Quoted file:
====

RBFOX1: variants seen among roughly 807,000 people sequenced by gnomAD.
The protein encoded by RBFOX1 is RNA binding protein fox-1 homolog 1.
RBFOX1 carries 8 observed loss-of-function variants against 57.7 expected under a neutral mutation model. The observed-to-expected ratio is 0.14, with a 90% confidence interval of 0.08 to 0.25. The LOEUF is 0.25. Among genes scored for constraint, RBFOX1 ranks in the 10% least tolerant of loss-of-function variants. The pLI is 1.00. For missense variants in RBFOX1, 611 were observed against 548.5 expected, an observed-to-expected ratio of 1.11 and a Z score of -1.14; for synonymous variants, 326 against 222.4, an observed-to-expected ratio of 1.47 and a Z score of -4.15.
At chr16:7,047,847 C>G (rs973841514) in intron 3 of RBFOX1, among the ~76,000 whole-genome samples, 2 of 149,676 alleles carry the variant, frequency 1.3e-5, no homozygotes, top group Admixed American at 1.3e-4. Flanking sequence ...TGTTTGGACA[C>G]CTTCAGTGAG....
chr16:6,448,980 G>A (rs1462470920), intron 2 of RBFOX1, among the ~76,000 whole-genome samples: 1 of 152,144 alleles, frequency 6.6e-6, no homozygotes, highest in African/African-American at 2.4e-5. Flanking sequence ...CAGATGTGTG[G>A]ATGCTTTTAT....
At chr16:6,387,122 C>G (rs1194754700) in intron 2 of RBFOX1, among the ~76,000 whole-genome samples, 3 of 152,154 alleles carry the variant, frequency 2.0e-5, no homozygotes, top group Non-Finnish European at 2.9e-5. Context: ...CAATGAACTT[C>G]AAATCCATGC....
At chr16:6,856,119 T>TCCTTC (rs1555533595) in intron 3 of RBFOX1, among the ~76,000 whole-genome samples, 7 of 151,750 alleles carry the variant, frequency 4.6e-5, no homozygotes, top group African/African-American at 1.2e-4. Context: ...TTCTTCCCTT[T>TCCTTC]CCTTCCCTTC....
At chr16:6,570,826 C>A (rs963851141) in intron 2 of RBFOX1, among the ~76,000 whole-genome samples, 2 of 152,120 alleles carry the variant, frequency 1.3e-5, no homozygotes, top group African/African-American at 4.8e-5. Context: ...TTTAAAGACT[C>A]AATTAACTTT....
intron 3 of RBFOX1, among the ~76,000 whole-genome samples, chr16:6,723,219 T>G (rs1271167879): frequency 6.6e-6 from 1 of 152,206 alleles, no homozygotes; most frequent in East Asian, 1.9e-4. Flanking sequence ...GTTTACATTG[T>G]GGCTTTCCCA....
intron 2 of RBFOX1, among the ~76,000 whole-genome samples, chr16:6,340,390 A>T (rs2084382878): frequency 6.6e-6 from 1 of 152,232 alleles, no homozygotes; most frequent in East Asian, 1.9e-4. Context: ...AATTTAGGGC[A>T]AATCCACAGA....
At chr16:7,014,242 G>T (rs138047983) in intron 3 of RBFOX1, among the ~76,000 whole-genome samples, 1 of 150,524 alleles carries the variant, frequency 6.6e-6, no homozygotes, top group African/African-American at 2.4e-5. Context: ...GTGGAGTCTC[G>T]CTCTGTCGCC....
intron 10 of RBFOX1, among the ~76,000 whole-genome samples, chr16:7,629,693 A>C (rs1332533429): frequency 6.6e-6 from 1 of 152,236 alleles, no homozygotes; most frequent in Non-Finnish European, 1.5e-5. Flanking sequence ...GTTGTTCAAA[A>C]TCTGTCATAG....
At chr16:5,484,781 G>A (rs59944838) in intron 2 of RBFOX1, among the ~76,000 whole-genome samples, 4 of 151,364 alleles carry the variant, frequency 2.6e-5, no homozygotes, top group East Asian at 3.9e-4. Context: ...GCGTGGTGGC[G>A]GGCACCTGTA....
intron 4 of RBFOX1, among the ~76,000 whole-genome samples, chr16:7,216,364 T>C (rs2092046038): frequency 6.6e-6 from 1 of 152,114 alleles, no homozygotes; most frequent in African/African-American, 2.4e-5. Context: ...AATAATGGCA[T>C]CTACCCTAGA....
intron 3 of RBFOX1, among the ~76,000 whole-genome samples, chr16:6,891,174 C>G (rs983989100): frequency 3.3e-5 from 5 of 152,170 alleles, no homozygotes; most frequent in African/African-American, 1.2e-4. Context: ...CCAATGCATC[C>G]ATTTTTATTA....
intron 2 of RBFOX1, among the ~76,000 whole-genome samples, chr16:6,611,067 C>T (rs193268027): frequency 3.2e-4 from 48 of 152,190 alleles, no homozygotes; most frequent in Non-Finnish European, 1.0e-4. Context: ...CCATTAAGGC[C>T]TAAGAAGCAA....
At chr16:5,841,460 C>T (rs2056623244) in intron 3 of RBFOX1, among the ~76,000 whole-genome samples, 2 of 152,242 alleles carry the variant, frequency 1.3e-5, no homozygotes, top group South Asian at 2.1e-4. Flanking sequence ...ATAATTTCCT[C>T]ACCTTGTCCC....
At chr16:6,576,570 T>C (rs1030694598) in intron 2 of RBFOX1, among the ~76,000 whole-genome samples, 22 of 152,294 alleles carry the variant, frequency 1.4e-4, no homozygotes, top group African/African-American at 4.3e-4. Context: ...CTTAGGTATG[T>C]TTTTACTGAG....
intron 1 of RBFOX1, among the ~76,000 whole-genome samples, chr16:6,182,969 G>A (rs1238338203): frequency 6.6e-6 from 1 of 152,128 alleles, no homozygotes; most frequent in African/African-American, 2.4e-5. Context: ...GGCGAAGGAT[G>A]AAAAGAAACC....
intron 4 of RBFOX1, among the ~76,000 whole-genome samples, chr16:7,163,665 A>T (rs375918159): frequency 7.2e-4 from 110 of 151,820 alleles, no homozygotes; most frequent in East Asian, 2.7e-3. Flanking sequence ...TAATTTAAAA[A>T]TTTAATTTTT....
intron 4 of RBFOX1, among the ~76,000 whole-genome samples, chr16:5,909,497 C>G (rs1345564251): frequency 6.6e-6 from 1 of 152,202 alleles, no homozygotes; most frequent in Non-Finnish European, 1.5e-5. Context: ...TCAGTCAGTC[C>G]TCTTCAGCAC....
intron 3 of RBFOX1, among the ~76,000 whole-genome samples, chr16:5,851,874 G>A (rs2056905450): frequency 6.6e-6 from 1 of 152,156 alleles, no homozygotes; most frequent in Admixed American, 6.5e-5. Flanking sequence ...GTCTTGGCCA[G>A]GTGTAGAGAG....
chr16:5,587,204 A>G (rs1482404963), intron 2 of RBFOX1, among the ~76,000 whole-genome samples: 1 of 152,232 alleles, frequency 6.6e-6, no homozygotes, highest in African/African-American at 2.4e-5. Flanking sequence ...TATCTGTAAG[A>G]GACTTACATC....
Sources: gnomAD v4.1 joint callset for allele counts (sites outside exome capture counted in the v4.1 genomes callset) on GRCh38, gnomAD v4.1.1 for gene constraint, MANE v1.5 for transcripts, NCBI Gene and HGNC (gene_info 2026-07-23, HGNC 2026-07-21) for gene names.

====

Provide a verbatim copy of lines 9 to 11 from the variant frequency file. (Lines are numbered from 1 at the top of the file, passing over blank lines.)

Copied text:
intron 3 of RBFOX1, among the ~76,000 whole-genome samples, chr16:6,723,219 T>G (rs1271167879): frequency 6.6e-6 from 1 of 152,206 alleles, no homozygotes; most frequent in East Asian, 1.9e-4. Flanking sequence ...GTTTACATTG[T>G]GGCTTTCCCA....
intron 2 of RBFOX1, among the ~76,000 whole-genome samples, chr16:6,340,390 A>T (rs2084382878): frequency 6.6e-6 from 1 of 152,232 alleles, no homozygotes; most frequent in East Asian, 1.9e-4. Context: ...AATTTAGGGC[A>T]AATCCACAGA....
At chr16:7,014,242 G>T (rs138047983) in intron 3 of RBFOX1, among the ~76,000 whole-genome samples, 1 of 150,524 alleles carries the variant, frequency 6.6e-6, no homozygotes, top group African/African-American at 2.4e-5. Context: ...GTGGAGTCTC[G>T]CTCTGTCGCC....